Couscous

traditional Berber dish
Libyan cous cous
Couscous with vegetables and chickpeas
Couscous with fish
Brazilian cake made with couscous

Couscous is a kind of food, originally from the Berbers of North Africa. It has two related meanings:

  1. A kind of wheat known in English as durum wheat. The wheat used is in a form called "wheat middlings". It is the same material which is used to make semolina, and is not a kind of pasta.
  2. A stew of vegetables and/or meat, together with a plate of couscous wheat.

Couscous is not cooked, but rather steamed over hot water. Couscous is served as a side-dish, or as a main dish. The stew must have plenty of liquid, or else a separate bowl of sauce must be provided. This is because the couscous grain is rather dry, and absorbs plenty of liquid. It is a definite fault to serve a couscous dish with too little liquid.

Spices such as ras el hanout and harissa are used for seasoning. Couscous can also be served cold. In this case, may be the base of a salad, with seafood, or it is used to make taboulé, a kind of Palestinian salad. Couscous can also be used for sweets, by adding milk, raisins or almonds.

It is the official food of Morocco. The dish is extremely popular in other areas like southern France, Sicilia, Brazil and the Middle East.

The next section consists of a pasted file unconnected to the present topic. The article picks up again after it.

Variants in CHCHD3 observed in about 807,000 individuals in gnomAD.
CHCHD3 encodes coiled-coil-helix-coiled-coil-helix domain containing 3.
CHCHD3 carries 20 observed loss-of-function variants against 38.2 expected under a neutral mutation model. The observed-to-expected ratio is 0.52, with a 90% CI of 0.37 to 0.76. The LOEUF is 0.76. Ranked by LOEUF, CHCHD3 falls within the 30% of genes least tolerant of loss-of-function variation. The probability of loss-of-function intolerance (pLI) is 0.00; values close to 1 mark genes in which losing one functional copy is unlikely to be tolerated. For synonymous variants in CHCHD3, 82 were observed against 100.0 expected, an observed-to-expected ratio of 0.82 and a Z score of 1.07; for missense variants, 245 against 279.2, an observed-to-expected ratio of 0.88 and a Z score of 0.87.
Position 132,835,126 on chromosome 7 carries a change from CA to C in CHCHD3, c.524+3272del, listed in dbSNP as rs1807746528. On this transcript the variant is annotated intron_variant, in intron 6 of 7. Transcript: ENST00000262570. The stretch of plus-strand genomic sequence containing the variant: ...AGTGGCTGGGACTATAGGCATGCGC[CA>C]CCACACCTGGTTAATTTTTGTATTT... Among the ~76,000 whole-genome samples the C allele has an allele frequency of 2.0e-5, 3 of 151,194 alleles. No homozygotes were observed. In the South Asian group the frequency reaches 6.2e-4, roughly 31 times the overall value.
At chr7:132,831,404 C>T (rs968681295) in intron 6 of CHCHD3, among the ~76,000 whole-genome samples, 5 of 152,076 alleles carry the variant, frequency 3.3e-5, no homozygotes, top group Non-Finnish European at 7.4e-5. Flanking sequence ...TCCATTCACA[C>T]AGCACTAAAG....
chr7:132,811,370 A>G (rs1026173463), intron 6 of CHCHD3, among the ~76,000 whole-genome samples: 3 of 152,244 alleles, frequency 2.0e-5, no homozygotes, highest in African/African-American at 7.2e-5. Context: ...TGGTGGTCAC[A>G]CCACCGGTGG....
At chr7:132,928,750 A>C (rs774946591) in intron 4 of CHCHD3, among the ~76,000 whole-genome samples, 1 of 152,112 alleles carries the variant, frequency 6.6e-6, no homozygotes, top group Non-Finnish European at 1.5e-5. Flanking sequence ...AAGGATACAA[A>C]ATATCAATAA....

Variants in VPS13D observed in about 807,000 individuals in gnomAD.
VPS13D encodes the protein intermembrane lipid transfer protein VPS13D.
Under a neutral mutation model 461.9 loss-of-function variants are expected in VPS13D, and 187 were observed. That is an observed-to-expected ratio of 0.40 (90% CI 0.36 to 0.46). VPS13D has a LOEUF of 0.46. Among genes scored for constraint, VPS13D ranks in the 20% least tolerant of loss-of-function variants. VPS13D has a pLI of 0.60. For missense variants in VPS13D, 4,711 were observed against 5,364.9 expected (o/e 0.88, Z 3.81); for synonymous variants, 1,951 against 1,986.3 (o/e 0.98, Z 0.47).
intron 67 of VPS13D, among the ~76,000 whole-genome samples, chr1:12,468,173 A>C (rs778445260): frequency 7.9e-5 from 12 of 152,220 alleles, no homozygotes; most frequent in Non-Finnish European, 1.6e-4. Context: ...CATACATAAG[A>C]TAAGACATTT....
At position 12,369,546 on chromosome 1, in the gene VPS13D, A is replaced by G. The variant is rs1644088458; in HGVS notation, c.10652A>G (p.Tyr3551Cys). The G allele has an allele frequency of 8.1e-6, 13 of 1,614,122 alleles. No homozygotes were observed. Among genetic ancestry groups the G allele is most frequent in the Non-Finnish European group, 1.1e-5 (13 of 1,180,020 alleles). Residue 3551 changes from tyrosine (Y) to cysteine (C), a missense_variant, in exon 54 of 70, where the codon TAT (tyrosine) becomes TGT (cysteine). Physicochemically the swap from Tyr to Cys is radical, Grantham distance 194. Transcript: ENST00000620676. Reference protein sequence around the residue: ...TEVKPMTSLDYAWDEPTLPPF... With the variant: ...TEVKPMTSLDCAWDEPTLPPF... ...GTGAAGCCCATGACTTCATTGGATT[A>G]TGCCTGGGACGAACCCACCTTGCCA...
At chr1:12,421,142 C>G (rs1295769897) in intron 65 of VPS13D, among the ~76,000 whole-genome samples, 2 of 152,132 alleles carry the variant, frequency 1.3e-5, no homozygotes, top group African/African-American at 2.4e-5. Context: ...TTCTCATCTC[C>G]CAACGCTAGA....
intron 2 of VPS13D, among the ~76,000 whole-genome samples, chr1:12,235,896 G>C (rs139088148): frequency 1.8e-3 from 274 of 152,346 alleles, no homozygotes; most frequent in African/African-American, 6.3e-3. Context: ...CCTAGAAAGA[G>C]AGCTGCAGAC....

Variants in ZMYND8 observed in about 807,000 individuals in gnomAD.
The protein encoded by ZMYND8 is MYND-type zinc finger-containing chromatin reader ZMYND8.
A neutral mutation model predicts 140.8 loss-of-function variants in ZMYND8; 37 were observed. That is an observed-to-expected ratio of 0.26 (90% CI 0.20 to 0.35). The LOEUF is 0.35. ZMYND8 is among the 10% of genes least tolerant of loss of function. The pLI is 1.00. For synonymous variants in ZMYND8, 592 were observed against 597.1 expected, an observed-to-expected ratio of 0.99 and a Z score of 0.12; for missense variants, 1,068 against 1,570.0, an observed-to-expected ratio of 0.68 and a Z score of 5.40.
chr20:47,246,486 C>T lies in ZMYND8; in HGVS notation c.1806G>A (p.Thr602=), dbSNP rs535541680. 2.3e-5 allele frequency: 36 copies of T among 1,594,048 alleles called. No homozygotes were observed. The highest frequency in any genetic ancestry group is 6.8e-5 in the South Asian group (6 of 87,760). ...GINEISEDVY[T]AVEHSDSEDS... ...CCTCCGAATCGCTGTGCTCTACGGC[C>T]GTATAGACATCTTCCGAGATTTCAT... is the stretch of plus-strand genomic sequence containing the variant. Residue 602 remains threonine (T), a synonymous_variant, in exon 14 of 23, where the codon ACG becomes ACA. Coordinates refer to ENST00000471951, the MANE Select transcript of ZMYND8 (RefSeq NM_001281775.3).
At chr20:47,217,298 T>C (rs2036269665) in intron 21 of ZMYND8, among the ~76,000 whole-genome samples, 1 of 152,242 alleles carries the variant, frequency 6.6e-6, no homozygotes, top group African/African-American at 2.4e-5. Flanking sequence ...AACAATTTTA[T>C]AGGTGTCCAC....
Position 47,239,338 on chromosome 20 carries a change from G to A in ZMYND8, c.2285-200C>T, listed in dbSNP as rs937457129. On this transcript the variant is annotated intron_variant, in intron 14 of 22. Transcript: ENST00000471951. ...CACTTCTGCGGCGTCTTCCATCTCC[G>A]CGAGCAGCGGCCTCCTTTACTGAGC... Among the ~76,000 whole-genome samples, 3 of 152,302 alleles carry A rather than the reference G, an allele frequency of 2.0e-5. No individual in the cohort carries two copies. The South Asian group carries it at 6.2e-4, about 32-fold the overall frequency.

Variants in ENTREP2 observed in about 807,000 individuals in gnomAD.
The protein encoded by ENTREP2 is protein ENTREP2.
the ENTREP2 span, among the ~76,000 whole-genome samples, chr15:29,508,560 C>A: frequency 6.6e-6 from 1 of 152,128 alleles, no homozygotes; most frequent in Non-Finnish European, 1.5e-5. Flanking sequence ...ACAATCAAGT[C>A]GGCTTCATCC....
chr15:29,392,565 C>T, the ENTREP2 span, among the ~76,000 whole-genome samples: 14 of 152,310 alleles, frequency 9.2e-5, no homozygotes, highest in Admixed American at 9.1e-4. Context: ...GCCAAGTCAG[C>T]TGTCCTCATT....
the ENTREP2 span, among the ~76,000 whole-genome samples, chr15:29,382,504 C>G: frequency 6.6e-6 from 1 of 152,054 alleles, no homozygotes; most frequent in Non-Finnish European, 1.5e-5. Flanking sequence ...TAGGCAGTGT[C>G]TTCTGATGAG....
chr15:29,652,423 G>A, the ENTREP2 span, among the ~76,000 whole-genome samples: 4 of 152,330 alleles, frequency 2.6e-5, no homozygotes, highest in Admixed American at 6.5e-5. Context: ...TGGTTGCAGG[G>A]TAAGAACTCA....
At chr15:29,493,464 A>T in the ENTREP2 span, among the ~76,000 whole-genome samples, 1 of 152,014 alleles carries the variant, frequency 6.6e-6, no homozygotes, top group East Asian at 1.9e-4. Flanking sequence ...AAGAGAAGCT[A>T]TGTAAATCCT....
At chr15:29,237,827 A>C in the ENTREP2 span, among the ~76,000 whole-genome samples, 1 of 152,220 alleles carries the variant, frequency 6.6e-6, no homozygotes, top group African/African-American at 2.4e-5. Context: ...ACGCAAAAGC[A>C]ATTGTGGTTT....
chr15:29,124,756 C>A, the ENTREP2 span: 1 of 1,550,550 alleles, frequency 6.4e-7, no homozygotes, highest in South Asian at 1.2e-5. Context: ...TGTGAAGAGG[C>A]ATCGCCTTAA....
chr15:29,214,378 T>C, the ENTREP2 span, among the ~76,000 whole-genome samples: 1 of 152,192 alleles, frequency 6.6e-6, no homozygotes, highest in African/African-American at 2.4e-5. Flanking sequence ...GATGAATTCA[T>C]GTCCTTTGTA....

In Brazil, couscous is a typical dish from the Northeast of the country, which is part of the three meals of the day. Being commonly prepared with starch, wheat flour, corn, rice or cassava. In Southeast, it is consumed with butter, eggs or meat. In North, it is more common for couscous to be eaten for breakfast, made with coconut milk and accompanied by tapioca. In general, all types of side dishes are accepted in the country. Other examples of foods eaten with couscous are fish, shrimp, and chicken.

The couscous that is sold in most Western supermarkets has been pre-steamed and dried; the package directions are usually to add 1.5 measures of boiling water or stock and butter to each measure of couscous and to cover tightly for five minutes. The couscous swells and within a few minutes it is ready to fluff with a fork and serve. Pre-steamed couscous takes less time to prepare than regular couscous.

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